Drama workshops used to help primary school pupils to protect themselves from exploitation and online abuse

A group of primary school pupils in a classroom

An improved resource to help children recognise the signs of exploitation and stay safe is being launched today by Merseyside’s Police Commissioner.

Twelve months after launching the ‘Send me a Selfie’ education programme focusing on helping primary school children to identify inappropriate language and misogyny, Emily Spurrell is supporting the relaunch of an enhanced programme that primary schools can use to protect children.

Developed by educational charity Ariel Trust and funded by Merseyside’s Violence Reduction Partnership, the ‘Grassing or Grooming’ resource is designed to support children to develop the skills they need to identify and resist grooming associated with gangs and violent crime.

Supported by Merseyside Police, it focuses on helping young people to recognise the warning signs of abuse and report it when they have concerns.

A crucial part of the programme is equipping the young people with the language and awareness to identify worrying behaviour and give them the confidence to use it through interactive drama workshops. During these sessions, pupils are encouraged to step into the role of a bystander, a victim, and a perpetrator, helping them to learn the skills to intervene or ask for help.

The programme has been delivered in more than 100 schools across Merseyside since it was first launched in 2021. It was independently evaluated by Liverpool John Moore’s University researchers last year who found after taking part in the training, pupils felt 55% more confident explaining what grooming means to a friend.

This evaluation has been critical to further enhance the resource by providing additional support to teachers to give them the confidence to use drama in their classrooms.

This has included employing drama specialists to work alongside less confident teachers, equipping them to use theatre-based teaching strategies to work with pupils.

This work has been carefully documented and it is being made available to every year 5 and 6 teacher on Merseyside, including providing them with access to log on to the project website and watch their colleagues using best practice from the world of theatre.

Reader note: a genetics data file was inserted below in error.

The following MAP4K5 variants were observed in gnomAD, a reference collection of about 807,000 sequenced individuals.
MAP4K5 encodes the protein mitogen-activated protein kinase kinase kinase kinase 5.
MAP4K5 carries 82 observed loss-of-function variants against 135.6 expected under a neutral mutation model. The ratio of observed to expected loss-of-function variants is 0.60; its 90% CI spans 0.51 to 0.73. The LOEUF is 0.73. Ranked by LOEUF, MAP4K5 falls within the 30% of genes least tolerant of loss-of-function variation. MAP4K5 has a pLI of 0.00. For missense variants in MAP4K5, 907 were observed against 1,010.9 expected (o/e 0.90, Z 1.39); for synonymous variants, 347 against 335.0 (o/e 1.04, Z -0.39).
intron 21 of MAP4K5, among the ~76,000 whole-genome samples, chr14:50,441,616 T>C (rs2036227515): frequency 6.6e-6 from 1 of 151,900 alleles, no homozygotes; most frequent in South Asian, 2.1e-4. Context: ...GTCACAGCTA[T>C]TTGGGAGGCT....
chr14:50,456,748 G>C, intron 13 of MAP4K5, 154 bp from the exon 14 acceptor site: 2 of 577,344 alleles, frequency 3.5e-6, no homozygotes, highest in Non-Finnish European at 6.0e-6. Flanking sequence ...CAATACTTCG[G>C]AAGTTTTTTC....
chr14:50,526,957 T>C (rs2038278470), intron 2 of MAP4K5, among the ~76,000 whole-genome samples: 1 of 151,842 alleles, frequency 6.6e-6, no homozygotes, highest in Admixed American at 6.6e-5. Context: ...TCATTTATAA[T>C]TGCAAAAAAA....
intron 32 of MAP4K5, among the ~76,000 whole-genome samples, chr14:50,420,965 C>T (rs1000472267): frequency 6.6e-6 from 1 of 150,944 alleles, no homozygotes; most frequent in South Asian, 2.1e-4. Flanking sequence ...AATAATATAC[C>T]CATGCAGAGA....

Rock Ferry’s Headteacher Sara Radley said: “The Ariel Trust’s Grassing and Grooming Project has had a profound impact on pupils at Rock Ferry, significantly increasing their awareness of online grooming risks. This collaborative effort underscores the school’s dedication to prioritising the safety and well-being of our pupils and we cannot praise the initiative highly enough.

Merseyside’s Police Commissioner Emily Spurrell said: “We know education is key if we are to keep our young people safe - it’s vital we empower them to recognise the warning signs when someone is trying to exploit them and what to do.

“The resources created by the Ariel Trust are brilliant at giving pupils the words and language to use in a way that is age-appropriate and really resonate with our young people.

“We’ve seen the difference the Send me a Selfie programme has made, and I’m pleased to support the launch of this enhanced version of the ‘Grassing or Grooming’ programme focused on supporting teachers to use this drama-based approach to help children develop.”

Director of the Merseyside Violence Reduction Partnership Supt Georgie Garvey added: “We’re passionate about empowering young people with the knowledge and the tools to protect themselves, both in the real and the online world.

“This is a pivotal age for children, as they prepare for secondary school and exposure to a more grown-up world - a world in which social media will be no doubt be a big part of their lives. Through this resource we want to engage young people, make sure they understand what unacceptable and inappropriate behaviour is and how to report it if they experience it.

“By investing early, we can prevent exploitation and abuse from taking place and keep our young people safe.”

Ariel Trust’s Director Paul Ainsworth said: “Young people want to talk about the misuse of social media, they experience this all of the time. It is our responsibility to provide them with a structured environment in which they can talk about solutions, not just the problems. They love playing the role of the bystander and practicing skills they can use to intervene positively and to help their friends.”

Any school wishing to use the ‘Grassing or Grooming’ resource should contact [email protected]